Hagwilget Bridge, near Hazelton, British Columbia

Description

The present day Hagwilget Bridge is a single-lane steel suspension bridge located along Highway 62, (New Hazelton Hi-Level Road) between the Village of Hazelton and the District of New Hazelton in northwestern British Columbia. The highway approach to the bridge runs through Hagwilget Indian Reserve (IR) 1 and crosses to Tsitsk IR 3.

Suspended over the Bulkley River canyon, the bridge is constructed of steel and cable, with one tower at either end, and cement abutments at the approaches to the bridge. The main suspended span consists of a trussed steel deck, 140 meters long and 4.9 meters wide, located 80 meters above the Bulkley River.  This contemporary bridge was designed by Alexander Carruthers and was opened in 1932 with upgrades occurring in 1990 and 2003.

This Historic Place includes the contemporary bridge (Carruthers) and its approaches, the footings from the previous bridge (Craddock), and the physical site of the earlier aboriginal bridges which no longer exist. The footings of the bridge built by Craddock and Co. in 1912 are located approximately 30 metres north of the existing bridge on either side of the canyon. The aboriginal bridge site is located approximately 80 meters south of the existing structure on either side of the canyon.

Heritage Values

The Hagwilget Bridge holds a number of heritage values that support it as a Historic Place. These values include: its evolution over time; the continuity of its use throughout history; its role in connecting northern communities; its association with Chief Charles of Hagwilget and Alexander Carruthers; the complexities of the engineering of all the bridges; its association with changes in the historical settlement and changing economies of the region; its reputation as an important landmark.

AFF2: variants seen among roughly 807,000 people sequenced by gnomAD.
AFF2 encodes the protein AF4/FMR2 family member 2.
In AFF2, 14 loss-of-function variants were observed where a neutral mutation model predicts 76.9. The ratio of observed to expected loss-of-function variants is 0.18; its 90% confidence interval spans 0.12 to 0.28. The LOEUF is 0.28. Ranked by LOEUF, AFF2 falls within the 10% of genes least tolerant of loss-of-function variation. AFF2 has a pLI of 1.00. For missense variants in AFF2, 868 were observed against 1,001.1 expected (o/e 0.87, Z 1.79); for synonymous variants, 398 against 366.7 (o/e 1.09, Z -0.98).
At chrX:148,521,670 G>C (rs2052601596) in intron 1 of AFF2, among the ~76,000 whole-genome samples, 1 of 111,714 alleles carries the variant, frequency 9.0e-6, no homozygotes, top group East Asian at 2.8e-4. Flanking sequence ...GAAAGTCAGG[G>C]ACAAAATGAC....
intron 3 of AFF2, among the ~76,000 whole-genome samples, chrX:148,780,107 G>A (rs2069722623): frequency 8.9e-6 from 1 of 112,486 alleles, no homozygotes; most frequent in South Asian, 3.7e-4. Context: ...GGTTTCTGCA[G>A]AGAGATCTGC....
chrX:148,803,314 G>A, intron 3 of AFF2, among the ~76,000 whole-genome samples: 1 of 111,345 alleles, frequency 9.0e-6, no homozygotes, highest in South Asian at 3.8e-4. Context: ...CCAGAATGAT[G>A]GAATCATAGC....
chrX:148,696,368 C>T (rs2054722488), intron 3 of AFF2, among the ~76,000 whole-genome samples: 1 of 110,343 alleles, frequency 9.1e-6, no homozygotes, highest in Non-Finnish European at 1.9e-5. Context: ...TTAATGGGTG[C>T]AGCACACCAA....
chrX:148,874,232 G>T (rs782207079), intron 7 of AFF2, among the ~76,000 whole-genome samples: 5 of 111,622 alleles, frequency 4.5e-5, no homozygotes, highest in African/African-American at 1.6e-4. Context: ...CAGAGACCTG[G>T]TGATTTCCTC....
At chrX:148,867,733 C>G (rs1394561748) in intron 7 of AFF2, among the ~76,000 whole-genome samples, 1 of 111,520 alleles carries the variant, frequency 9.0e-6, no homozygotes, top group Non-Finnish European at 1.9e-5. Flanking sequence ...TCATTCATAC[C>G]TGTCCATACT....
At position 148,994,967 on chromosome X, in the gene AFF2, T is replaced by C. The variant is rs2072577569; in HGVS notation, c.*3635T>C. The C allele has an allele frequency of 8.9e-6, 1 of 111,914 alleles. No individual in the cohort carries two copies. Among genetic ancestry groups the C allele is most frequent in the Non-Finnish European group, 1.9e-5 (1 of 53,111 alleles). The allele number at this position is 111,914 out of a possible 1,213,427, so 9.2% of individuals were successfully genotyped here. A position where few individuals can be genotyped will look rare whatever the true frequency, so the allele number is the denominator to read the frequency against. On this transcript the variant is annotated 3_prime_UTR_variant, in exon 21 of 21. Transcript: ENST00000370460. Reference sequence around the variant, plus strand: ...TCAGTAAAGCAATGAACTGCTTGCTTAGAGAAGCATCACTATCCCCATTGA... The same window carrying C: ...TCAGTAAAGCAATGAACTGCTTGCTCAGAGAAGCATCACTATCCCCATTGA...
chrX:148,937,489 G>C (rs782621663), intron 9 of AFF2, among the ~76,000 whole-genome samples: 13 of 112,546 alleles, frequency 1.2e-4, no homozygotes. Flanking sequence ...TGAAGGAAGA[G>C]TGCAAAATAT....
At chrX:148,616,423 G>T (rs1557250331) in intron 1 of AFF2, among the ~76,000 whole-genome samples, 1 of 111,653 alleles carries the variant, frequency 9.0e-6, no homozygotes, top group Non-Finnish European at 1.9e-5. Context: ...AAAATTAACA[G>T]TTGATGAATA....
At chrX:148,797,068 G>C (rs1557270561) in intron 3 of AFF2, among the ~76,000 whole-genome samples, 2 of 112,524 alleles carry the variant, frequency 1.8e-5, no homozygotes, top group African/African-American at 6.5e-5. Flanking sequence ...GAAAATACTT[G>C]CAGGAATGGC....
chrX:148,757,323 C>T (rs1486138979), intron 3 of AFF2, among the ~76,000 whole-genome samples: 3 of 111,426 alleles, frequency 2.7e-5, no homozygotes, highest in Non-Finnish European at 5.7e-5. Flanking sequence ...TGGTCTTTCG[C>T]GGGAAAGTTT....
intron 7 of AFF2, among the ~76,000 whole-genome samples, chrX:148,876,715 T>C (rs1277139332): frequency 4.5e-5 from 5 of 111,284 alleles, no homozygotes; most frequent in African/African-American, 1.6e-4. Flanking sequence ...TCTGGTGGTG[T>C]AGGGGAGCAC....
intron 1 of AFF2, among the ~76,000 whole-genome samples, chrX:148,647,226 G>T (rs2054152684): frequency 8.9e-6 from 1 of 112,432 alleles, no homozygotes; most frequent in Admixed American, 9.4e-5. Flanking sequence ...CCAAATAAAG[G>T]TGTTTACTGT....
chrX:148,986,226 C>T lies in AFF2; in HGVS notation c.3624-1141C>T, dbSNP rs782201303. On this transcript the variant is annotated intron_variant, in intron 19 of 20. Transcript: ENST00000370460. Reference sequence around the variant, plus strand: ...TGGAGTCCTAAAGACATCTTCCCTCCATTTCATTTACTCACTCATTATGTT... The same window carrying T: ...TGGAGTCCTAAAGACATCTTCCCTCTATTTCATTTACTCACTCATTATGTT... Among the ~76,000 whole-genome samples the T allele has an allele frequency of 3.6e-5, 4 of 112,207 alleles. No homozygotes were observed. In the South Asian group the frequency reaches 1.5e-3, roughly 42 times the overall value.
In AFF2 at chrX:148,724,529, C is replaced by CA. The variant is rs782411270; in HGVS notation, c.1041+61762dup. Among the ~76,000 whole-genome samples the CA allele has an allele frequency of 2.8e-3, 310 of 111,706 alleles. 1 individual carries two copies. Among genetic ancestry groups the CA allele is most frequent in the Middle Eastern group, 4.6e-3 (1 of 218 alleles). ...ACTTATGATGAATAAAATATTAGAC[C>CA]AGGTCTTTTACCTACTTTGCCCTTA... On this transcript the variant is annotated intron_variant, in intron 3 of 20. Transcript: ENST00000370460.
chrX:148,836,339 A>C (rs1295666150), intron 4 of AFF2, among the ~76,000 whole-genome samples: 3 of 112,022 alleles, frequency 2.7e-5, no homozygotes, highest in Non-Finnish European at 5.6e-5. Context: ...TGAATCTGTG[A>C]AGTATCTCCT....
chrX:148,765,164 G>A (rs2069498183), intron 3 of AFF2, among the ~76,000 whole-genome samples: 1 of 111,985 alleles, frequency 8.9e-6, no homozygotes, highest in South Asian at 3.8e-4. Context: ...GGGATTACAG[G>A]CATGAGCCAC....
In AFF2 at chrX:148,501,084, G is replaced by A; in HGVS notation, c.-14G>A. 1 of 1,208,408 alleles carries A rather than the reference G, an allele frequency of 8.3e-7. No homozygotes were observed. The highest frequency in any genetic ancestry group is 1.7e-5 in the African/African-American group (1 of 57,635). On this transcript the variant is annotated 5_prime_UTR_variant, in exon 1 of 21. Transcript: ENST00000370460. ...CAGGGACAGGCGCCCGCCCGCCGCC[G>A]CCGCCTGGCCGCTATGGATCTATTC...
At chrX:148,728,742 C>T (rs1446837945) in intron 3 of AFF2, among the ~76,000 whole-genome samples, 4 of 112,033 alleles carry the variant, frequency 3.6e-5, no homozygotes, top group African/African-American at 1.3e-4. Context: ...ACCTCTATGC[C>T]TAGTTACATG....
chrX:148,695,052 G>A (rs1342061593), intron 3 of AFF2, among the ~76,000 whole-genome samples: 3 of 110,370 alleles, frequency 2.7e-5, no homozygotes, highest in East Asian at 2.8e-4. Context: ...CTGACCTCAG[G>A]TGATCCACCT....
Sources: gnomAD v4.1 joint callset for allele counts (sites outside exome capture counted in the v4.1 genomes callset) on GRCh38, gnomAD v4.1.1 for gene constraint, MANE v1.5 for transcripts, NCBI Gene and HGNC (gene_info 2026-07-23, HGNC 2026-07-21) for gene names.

The Hagwilget Bridge is valued for its spatial and temporal evolution. The term “Hagwilget Bridge” signifies a number of different bridges which have been well documented since the late 19th century, and which existed prior to visual or written documentation. The earliest bridges are known through First Nations oral histories. All ‘versions’ of this bridge have existed on one of the three sites within this single Historic Place: the site of the current 1932 bridge, the site of the 1912 bridge built by Craddock and Co. and the historic site where the aboriginal bridges existed.

The heritage value of the Hagwilget Bridge also lies in the continuity of its use over time. Since the original aboriginal- built bridges, the Hagwilget Bridge has continually been an important part of an extensive regional transportation system of roads which connect communities, transporting people, goods and ideas across vast distances.

Similarly, this bridge holds heritage value in its role of connecting the inland First Nation communities with coastal First Nations communities resulting in important and invaluable trade networks. The aboriginal bridges were located at a strategic point, providing an important link between the inland Wet’suwet’en nation on the east side of the canyon and the Gitxsan on the west side of the canyon.

The Hagwilget Bridge is valued for its association with Chief Charles of Hagwilget, who owned the aboriginal bridge in the late 1800s and with Alexander Carruthers who designed the present-day version of the bridge. After designing the 1930s bridge, Mr. Carruthers became Inspector of Bridges for the Province of British Columbia and later, Deputy Minister of Highways.